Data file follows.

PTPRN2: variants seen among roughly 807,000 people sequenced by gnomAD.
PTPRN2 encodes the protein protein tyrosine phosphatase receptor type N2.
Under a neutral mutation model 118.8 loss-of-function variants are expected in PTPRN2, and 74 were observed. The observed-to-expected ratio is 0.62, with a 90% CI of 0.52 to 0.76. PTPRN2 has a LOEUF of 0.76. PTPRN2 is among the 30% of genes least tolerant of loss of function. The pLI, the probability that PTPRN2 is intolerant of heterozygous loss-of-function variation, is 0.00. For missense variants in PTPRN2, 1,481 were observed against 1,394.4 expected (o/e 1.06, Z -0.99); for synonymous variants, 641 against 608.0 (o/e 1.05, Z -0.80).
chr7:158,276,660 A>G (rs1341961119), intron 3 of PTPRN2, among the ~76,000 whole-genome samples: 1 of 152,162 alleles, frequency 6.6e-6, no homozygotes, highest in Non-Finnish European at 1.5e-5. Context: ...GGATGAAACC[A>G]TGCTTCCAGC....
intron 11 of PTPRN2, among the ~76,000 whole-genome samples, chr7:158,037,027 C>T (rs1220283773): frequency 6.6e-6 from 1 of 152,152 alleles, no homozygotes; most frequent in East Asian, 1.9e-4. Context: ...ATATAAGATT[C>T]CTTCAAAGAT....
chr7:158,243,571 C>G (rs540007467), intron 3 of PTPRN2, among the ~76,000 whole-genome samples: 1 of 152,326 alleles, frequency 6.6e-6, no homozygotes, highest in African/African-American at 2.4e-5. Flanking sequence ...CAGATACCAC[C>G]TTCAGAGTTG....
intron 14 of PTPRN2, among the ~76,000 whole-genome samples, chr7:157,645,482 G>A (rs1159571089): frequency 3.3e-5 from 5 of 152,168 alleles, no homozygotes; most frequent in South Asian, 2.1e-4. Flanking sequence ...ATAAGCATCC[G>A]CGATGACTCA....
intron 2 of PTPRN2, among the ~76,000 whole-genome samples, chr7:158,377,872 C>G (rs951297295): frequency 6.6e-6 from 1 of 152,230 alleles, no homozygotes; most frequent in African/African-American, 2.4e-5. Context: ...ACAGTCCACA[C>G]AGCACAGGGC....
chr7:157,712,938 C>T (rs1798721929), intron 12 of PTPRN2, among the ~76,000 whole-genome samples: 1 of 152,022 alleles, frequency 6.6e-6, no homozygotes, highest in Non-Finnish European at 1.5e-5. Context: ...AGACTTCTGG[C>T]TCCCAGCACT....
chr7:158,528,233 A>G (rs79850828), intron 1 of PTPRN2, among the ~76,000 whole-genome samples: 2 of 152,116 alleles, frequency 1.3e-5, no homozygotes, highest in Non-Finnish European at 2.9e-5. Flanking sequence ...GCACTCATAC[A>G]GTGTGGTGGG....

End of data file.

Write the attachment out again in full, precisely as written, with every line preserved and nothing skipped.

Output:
PTPRN2: variants seen among roughly 807,000 people sequenced by gnomAD.
PTPRN2 encodes the protein protein tyrosine phosphatase receptor type N2.
Under a neutral mutation model 118.8 loss-of-function variants are expected in PTPRN2, and 74 were observed. The observed-to-expected ratio is 0.62, with a 90% CI of 0.52 to 0.76. PTPRN2 has a LOEUF of 0.76. PTPRN2 is among the 30% of genes least tolerant of loss of function. The pLI, the probability that PTPRN2 is intolerant of heterozygous loss-of-function variation, is 0.00. For missense variants in PTPRN2, 1,481 were observed against 1,394.4 expected (o/e 1.06, Z -0.99); for synonymous variants, 641 against 608.0 (o/e 1.05, Z -0.80).
chr7:158,276,660 A>G (rs1341961119), intron 3 of PTPRN2, among the ~76,000 whole-genome samples: 1 of 152,162 alleles, frequency 6.6e-6, no homozygotes, highest in Non-Finnish European at 1.5e-5. Context: ...GGATGAAACC[A>G]TGCTTCCAGC....
intron 11 of PTPRN2, among the ~76,000 whole-genome samples, chr7:158,037,027 C>T (rs1220283773): frequency 6.6e-6 from 1 of 152,152 alleles, no homozygotes; most frequent in East Asian, 1.9e-4. Context: ...ATATAAGATT[C>T]CTTCAAAGAT....
chr7:158,243,571 C>G (rs540007467), intron 3 of PTPRN2, among the ~76,000 whole-genome samples: 1 of 152,326 alleles, frequency 6.6e-6, no homozygotes, highest in African/African-American at 2.4e-5. Flanking sequence ...CAGATACCAC[C>G]TTCAGAGTTG....
intron 14 of PTPRN2, among the ~76,000 whole-genome samples, chr7:157,645,482 G>A (rs1159571089): frequency 3.3e-5 from 5 of 152,168 alleles, no homozygotes; most frequent in South Asian, 2.1e-4. Flanking sequence ...ATAAGCATCC[G>A]CGATGACTCA....
intron 2 of PTPRN2, among the ~76,000 whole-genome samples, chr7:158,377,872 C>G (rs951297295): frequency 6.6e-6 from 1 of 152,230 alleles, no homozygotes; most frequent in African/African-American, 2.4e-5. Context: ...ACAGTCCACA[C>G]AGCACAGGGC....
chr7:157,712,938 C>T (rs1798721929), intron 12 of PTPRN2, among the ~76,000 whole-genome samples: 1 of 152,022 alleles, frequency 6.6e-6, no homozygotes, highest in Non-Finnish European at 1.5e-5. Context: ...AGACTTCTGG[C>T]TCCCAGCACT....
chr7:158,528,233 A>G (rs79850828), intron 1 of PTPRN2, among the ~76,000 whole-genome samples: 2 of 152,116 alleles, frequency 1.3e-5, no homozygotes, highest in Non-Finnish European at 2.9e-5. Flanking sequence ...GCACTCATAC[A>G]GTGTGGTGGG....